Hema Prajapati, who has visual impairment, shared her positive experience of living in the college hostel. She finds the hostel union as well as their warden to be very helpful as they find solutions to all her problems in a short span of time. In fact, on request by these students to have a room with a balcony so that they don’t need to walk around a lot in order to dry their clothes, every student with visual impairment has been allotted a room with a balcony. While she praises the college for having the menus printed in Braille in the college café as well as at the Nescafé, Hema wants the same to be done in the hostel mess as well.
Hema also feels overwhelmingly happy about being provided with responsible writers for their examinations who are well-versed with the language they need to write in, be it English, Hindi or any other. However, she complains of the tedious procedure of getting the internal marks corrected, in case they are inaccurate or signing of the undertaking due to short attendance as they have to move from one place to another all by themselves. Since most of the volunteers are students, they all are on preparation leave during the time of checking of internal marks.
Shipra, an ex-student with visual impairment, mentions that the various aids provided through the resource centre were satisfactory, which include laptops, Braille printing machine and record players. However, she feels that the tactile paving should not only be around the resource centre but be extended to other parts of the college as well, as this would allow students with visual impairment to move around the college in a more convenient manner.
Pooja, a 3rd-year partially blind student pursuing Bachelor of Elementary Education, is thankful to all the sports teachers who have always taken care of the students during the tournaments. Not only are they provided with special attention and practice sessions during the season of matches, the students are not left alone even for a single minute and it is made sure that every student reaches their home safely. LSR has students with physical disabilities actively participate in several activities including athletics, and also provides them training sessions for running, long jump, discus throw, javelin throw and shot put. However, she feels disappointed as she is the only student belonging to a Hindi medium school and the reading material given in Hindi language is less as compared to the material given for those writing the paper in English.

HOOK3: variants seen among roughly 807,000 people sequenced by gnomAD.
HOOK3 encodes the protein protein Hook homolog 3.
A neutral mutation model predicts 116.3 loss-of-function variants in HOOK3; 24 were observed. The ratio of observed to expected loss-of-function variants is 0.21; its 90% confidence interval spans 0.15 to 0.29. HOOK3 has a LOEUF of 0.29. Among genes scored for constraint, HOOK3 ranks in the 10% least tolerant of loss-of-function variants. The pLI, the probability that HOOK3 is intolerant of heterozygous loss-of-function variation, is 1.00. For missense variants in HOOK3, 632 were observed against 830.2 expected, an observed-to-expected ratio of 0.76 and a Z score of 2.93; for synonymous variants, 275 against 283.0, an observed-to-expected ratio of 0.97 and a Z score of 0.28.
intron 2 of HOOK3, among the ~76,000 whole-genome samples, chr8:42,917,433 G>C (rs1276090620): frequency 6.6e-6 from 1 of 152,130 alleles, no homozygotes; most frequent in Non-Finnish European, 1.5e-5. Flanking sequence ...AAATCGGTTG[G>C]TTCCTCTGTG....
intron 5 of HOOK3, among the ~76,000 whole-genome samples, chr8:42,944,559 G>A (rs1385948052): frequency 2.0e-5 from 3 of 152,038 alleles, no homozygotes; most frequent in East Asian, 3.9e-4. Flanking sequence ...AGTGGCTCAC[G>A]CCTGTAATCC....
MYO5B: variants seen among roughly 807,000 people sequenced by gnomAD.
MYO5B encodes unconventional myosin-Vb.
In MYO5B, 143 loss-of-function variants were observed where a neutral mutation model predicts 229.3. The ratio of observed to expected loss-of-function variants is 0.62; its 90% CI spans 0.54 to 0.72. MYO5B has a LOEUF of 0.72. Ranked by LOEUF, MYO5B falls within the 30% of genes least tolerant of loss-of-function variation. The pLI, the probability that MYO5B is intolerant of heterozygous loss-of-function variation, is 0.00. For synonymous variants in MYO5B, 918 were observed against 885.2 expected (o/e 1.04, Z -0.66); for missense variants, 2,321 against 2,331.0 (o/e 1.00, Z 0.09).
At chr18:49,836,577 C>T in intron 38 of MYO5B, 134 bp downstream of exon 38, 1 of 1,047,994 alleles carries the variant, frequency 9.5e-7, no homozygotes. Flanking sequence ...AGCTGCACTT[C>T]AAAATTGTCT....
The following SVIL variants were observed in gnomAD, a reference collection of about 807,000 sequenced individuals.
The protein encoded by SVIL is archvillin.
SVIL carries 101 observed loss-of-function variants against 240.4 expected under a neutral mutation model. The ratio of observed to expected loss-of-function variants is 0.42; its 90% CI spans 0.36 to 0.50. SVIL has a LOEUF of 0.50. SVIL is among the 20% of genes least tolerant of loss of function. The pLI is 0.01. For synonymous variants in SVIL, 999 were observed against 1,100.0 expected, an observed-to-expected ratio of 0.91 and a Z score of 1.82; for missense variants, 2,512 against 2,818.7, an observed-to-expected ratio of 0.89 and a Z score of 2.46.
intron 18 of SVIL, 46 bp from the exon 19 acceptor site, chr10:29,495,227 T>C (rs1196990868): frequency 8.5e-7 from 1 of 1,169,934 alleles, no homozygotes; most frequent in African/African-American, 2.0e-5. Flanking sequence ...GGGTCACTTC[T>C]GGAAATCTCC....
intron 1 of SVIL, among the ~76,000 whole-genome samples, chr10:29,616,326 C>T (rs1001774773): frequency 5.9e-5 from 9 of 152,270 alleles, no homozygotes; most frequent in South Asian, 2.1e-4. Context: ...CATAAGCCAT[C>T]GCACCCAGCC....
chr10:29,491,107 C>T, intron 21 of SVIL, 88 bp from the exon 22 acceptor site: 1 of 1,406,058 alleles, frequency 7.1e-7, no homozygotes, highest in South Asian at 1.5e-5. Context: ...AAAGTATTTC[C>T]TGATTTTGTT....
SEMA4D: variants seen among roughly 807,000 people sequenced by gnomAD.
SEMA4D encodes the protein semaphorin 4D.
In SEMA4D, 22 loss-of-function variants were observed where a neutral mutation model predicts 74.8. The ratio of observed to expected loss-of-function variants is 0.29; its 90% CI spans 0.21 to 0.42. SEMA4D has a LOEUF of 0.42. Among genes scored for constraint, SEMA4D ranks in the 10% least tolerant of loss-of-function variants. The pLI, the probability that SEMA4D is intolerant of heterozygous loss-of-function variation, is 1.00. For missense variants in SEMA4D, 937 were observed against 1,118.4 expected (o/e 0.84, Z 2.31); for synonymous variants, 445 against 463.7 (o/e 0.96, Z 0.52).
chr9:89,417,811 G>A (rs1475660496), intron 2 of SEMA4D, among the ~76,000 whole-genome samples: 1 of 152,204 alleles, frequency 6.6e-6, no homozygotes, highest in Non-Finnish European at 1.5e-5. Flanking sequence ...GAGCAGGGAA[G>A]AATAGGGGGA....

In an attempt to be more inclusive as an institution, the annual cultural fest of LSR – Tarang 2016, had activities such as ‘test the taste’, in which the students with disability competed against each other to identify the names of the food items by tasting. In other event called “Anarchia – breaking stereotypes”, a student with disability was a part of the LSR team.
Lady Shri Ram College for Women has tried to make the campus more accessible by installing ramps in the Tutorial block as well. With the presence of REACH which aims to sensitize people towards students with disabilities, as well as provide these students with various opportunities, by looking into the concerns, worries and problems faced by them, the college is striving towards a better and more accessible and inclusive environment.